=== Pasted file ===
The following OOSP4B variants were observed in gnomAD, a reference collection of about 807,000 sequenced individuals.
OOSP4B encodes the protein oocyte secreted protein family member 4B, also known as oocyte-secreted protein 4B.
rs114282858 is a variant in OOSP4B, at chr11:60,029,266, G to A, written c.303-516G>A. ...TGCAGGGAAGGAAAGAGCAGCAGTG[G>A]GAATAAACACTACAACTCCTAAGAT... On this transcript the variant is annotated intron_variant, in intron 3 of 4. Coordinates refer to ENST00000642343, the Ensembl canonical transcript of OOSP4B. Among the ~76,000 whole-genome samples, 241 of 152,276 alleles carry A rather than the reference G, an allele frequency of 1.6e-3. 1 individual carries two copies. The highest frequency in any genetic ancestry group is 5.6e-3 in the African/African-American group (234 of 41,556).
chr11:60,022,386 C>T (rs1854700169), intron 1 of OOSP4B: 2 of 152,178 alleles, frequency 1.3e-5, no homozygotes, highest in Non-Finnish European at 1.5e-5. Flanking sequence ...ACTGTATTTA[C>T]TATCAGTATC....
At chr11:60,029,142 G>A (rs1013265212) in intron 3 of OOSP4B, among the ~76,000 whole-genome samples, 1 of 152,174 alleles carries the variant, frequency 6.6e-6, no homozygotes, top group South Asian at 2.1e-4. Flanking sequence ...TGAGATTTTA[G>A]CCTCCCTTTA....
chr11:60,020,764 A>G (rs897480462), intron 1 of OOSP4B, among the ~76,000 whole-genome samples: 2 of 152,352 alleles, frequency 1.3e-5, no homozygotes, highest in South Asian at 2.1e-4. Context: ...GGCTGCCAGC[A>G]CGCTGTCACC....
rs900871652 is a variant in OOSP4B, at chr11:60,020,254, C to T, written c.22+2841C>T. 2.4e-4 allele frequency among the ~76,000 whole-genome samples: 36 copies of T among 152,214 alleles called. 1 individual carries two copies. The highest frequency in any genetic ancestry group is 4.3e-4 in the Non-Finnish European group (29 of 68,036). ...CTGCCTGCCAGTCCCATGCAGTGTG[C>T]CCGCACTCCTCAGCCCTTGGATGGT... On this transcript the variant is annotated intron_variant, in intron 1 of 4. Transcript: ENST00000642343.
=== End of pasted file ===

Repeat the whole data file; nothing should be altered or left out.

The following OOSP4B variants were observed in gnomAD, a reference collection of about 807,000 sequenced individuals.
OOSP4B encodes the protein oocyte secreted protein family member 4B, also known as oocyte-secreted protein 4B.
rs114282858 is a variant in OOSP4B, at chr11:60,029,266, G to A, written c.303-516G>A. ...TGCAGGGAAGGAAAGAGCAGCAGTG[G>A]GAATAAACACTACAACTCCTAAGAT... On this transcript the variant is annotated intron_variant, in intron 3 of 4. Coordinates refer to ENST00000642343, the Ensembl canonical transcript of OOSP4B. Among the ~76,000 whole-genome samples, 241 of 152,276 alleles carry A rather than the reference G, an allele frequency of 1.6e-3. 1 individual carries two copies. The highest frequency in any genetic ancestry group is 5.6e-3 in the African/African-American group (234 of 41,556).
chr11:60,022,386 C>T (rs1854700169), intron 1 of OOSP4B: 2 of 152,178 alleles, frequency 1.3e-5, no homozygotes, highest in Non-Finnish European at 1.5e-5. Flanking sequence ...ACTGTATTTA[C>T]TATCAGTATC....
At chr11:60,029,142 G>A (rs1013265212) in intron 3 of OOSP4B, among the ~76,000 whole-genome samples, 1 of 152,174 alleles carries the variant, frequency 6.6e-6, no homozygotes, top group South Asian at 2.1e-4. Flanking sequence ...TGAGATTTTA[G>A]CCTCCCTTTA....
chr11:60,020,764 A>G (rs897480462), intron 1 of OOSP4B, among the ~76,000 whole-genome samples: 2 of 152,352 alleles, frequency 1.3e-5, no homozygotes, highest in South Asian at 2.1e-4. Context: ...GGCTGCCAGC[A>G]CGCTGTCACC....
rs900871652 is a variant in OOSP4B, at chr11:60,020,254, C to T, written c.22+2841C>T. 2.4e-4 allele frequency among the ~76,000 whole-genome samples: 36 copies of T among 152,214 alleles called. 1 individual carries two copies. The highest frequency in any genetic ancestry group is 4.3e-4 in the Non-Finnish European group (29 of 68,036). ...CTGCCTGCCAGTCCCATGCAGTGTG[C>T]CCGCACTCCTCAGCCCTTGGATGGT... On this transcript the variant is annotated intron_variant, in intron 1 of 4. Transcript: ENST00000642343.